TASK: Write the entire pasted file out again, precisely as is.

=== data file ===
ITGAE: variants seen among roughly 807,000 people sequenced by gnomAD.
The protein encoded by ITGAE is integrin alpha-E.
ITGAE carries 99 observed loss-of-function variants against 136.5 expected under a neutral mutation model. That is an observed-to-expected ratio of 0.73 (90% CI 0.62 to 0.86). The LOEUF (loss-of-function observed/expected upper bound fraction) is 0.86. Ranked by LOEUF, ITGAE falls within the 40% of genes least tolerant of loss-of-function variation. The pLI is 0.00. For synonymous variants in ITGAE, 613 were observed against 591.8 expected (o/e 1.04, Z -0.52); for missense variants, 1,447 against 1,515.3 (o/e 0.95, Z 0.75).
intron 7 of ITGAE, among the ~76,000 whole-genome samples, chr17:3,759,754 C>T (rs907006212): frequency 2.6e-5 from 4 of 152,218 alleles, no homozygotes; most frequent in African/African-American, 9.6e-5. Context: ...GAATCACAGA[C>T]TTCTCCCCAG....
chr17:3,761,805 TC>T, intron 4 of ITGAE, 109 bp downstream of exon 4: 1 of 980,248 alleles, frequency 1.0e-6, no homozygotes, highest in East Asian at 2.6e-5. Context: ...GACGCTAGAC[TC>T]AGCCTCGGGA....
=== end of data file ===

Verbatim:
ITGAE: variants seen among roughly 807,000 people sequenced by gnomAD.
The protein encoded by ITGAE is integrin alpha-E.
ITGAE carries 99 observed loss-of-function variants against 136.5 expected under a neutral mutation model. That is an observed-to-expected ratio of 0.73 (90% CI 0.62 to 0.86). The LOEUF (loss-of-function observed/expected upper bound fraction) is 0.86. Ranked by LOEUF, ITGAE falls within the 40% of genes least tolerant of loss-of-function variation. The pLI is 0.00. For synonymous variants in ITGAE, 613 were observed against 591.8 expected (o/e 1.04, Z -0.52); for missense variants, 1,447 against 1,515.3 (o/e 0.95, Z 0.75).
intron 7 of ITGAE, among the ~76,000 whole-genome samples, chr17:3,759,754 C>T (rs907006212): frequency 2.6e-5 from 4 of 152,218 alleles, no homozygotes; most frequent in African/African-American, 9.6e-5. Context: ...GAATCACAGA[C>T]TTCTCCCCAG....
chr17:3,761,805 TC>T, intron 4 of ITGAE, 109 bp downstream of exon 4: 1 of 980,248 alleles, frequency 1.0e-6, no homozygotes, highest in East Asian at 2.6e-5. Context: ...GACGCTAGAC[TC>T]AGCCTCGGGA....